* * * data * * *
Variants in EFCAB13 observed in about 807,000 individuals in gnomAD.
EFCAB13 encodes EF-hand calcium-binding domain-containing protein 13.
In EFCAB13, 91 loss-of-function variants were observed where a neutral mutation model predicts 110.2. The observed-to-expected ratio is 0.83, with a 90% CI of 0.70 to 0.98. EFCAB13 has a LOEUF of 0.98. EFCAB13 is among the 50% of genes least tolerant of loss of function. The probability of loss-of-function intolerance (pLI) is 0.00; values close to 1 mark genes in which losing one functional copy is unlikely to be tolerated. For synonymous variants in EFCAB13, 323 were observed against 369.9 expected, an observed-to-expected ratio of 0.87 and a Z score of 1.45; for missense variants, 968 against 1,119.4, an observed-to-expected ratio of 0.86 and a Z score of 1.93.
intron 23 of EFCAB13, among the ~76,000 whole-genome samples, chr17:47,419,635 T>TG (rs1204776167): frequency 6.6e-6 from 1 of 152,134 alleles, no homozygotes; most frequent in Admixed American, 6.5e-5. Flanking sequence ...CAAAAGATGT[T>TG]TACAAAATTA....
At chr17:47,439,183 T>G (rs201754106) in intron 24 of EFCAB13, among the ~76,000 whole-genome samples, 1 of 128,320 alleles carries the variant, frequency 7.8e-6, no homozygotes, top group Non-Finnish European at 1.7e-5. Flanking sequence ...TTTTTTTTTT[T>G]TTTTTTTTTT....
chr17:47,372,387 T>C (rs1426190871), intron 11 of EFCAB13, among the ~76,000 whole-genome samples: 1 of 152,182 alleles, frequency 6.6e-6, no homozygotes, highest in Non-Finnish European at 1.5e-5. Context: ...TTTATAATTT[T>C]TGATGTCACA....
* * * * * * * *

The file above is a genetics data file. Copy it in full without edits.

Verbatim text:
Variants in EFCAB13 observed in about 807,000 individuals in gnomAD.
EFCAB13 encodes EF-hand calcium-binding domain-containing protein 13.
In EFCAB13, 91 loss-of-function variants were observed where a neutral mutation model predicts 110.2. The observed-to-expected ratio is 0.83, with a 90% CI of 0.70 to 0.98. EFCAB13 has a LOEUF of 0.98. EFCAB13 is among the 50% of genes least tolerant of loss of function. The probability of loss-of-function intolerance (pLI) is 0.00; values close to 1 mark genes in which losing one functional copy is unlikely to be tolerated. For synonymous variants in EFCAB13, 323 were observed against 369.9 expected, an observed-to-expected ratio of 0.87 and a Z score of 1.45; for missense variants, 968 against 1,119.4, an observed-to-expected ratio of 0.86 and a Z score of 1.93.
intron 23 of EFCAB13, among the ~76,000 whole-genome samples, chr17:47,419,635 T>TG (rs1204776167): frequency 6.6e-6 from 1 of 152,134 alleles, no homozygotes; most frequent in Admixed American, 6.5e-5. Flanking sequence ...CAAAAGATGT[T>TG]TACAAAATTA....
At chr17:47,439,183 T>G (rs201754106) in intron 24 of EFCAB13, among the ~76,000 whole-genome samples, 1 of 128,320 alleles carries the variant, frequency 7.8e-6, no homozygotes, top group Non-Finnish European at 1.7e-5. Flanking sequence ...TTTTTTTTTT[T>G]TTTTTTTTTT....
chr17:47,372,387 T>C (rs1426190871), intron 11 of EFCAB13, among the ~76,000 whole-genome samples: 1 of 152,182 alleles, frequency 6.6e-6, no homozygotes, highest in Non-Finnish European at 1.5e-5. Context: ...TTTATAATTT[T>C]TGATGTCACA....